Blendoor battles bias in hiring

App connects minority job candidates with tech companies

February 19, 2016

Blendoor CEO Stephanie Lampkin, MBA ’13

Blendoor CEO Stephanie Lampkin, MBA ’13

The “aha” moment came after eight interviews for an analytical lead position at a major tech company.

Stephanie Lampkin thought she was a good fit. She began coding at age 13, and came armed with an engineering degree from Stanford, five years at Microsoft, and a recent MBA from MIT Sloan. At the end, she says the recruiter told her “you’re not quite technical enough, and we’ll reach out if a sales or marketing position opens up.”

“I can’t say I was irate. It was almost funny,” Lampkin, MBA ’13, says. So she launched Blendoor to combat unconscious bias in hiring.

Blendoor is a mobile app that connects women, underrepresented minorities, and veterans with technology companies seeking qualified, diverse job candidates. The app uses a Tinder-like interface to present job searchers with opportunities and recruiters with nameless, faceless profiles, essentially a blind audition.

While minority employment is stronger at some major technology companies than others, women make up no more than 24 percent of the technology workforce in any one of the leading companies. And whites and men dominate the leadership jobs at those companies.

As far back as 2004, a study asked “Are Emily and Greg More Employable than Lakisha and Jamal?” and found a 50 percent higher response to resumes with white-sounding names.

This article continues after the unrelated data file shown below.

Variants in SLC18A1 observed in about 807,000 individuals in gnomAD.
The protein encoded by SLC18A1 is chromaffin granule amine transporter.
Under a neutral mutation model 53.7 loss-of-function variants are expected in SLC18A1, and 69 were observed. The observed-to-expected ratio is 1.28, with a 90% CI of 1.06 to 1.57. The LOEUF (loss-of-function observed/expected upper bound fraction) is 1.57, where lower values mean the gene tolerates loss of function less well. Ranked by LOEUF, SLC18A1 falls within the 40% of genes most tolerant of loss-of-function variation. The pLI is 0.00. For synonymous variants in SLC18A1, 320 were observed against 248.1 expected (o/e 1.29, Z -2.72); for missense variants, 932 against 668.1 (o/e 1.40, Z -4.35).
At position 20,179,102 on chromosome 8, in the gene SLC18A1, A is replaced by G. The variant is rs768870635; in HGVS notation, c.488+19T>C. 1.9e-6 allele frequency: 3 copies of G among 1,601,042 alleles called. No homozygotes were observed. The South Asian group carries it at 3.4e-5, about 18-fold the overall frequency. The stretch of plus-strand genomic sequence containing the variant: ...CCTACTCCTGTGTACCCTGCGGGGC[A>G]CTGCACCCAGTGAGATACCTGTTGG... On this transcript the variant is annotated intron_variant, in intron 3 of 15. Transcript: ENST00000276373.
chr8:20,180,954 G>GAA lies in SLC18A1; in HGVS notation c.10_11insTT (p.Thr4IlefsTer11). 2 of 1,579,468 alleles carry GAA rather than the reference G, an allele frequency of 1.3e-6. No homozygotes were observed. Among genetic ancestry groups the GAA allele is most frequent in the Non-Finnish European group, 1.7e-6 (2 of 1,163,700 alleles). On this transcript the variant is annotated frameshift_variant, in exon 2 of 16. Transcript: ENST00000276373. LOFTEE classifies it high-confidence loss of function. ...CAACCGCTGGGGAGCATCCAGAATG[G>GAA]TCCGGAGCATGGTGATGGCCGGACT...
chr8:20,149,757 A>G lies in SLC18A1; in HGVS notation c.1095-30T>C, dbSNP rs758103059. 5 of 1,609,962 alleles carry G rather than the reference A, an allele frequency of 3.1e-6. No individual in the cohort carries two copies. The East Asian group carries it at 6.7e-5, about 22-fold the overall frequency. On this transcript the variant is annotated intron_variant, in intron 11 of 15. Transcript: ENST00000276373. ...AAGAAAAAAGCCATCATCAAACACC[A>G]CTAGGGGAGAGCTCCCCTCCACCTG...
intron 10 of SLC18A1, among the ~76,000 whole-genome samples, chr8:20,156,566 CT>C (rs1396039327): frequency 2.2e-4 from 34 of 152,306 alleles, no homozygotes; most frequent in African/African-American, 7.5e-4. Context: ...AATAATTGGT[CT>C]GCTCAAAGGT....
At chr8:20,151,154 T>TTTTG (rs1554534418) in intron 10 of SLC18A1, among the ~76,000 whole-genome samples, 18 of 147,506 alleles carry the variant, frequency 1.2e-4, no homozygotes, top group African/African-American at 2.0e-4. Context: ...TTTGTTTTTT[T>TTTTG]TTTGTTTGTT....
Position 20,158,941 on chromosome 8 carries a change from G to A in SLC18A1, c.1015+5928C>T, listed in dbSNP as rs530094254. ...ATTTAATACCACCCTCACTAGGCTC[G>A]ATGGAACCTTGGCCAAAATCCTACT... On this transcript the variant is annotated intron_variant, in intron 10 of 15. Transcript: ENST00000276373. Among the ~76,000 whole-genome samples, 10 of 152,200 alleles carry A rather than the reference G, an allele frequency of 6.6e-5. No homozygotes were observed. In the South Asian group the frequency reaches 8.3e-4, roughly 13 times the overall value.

Lampkin is careful to use the phrase “unconscious bias,” and notes the response from technology companies to the Blendoor app has been enormously positive.

“Every company I’ve talked to is on board with the idea,” Lampkin says. “Even though companies are our revenue source, we still have a huge responsibility to create a product that gets the caliber of candidates companies can’t find on their own.”

Blendoor is currently conducting a pilot with 19 companies and 500 prospective job candidates in finance, sales, and product management. Recruiters and hiring managers see resumes, qualifications, and background, but not pictures or names, proven in numerous studies to impact unconscious bias in hiring.

“By hiding name and photo, we are basically showing recruiters how well a candidate meets the requirements of the role, and create opportunities for people who may have otherwise been overlooked because they didn’t look the part,” Lampkin says. Once a match is made, recruiters can contact the applicant and continue the conversation.

Blendoor has raised $100,000, half in direct investment and half in prizes at pitch competitions, and is looking to raise $1 million by the end of March, coinciding with a full launch and publicity campaign.

Lampkin believes Blendoor can have applications beyond technology hiring.

“I’m positioning this as what I think can be unconscious bias technology that can be applied to investors, people looking for apartments,” she says. “Time and time again we see people being discriminated against because of the way their name sounds or the color of their skin.”

“It’s not necessarily overt racism; it’s the way we’re wired as human beings,” she says. “I don’t know if that rewiring will happen any time soon.”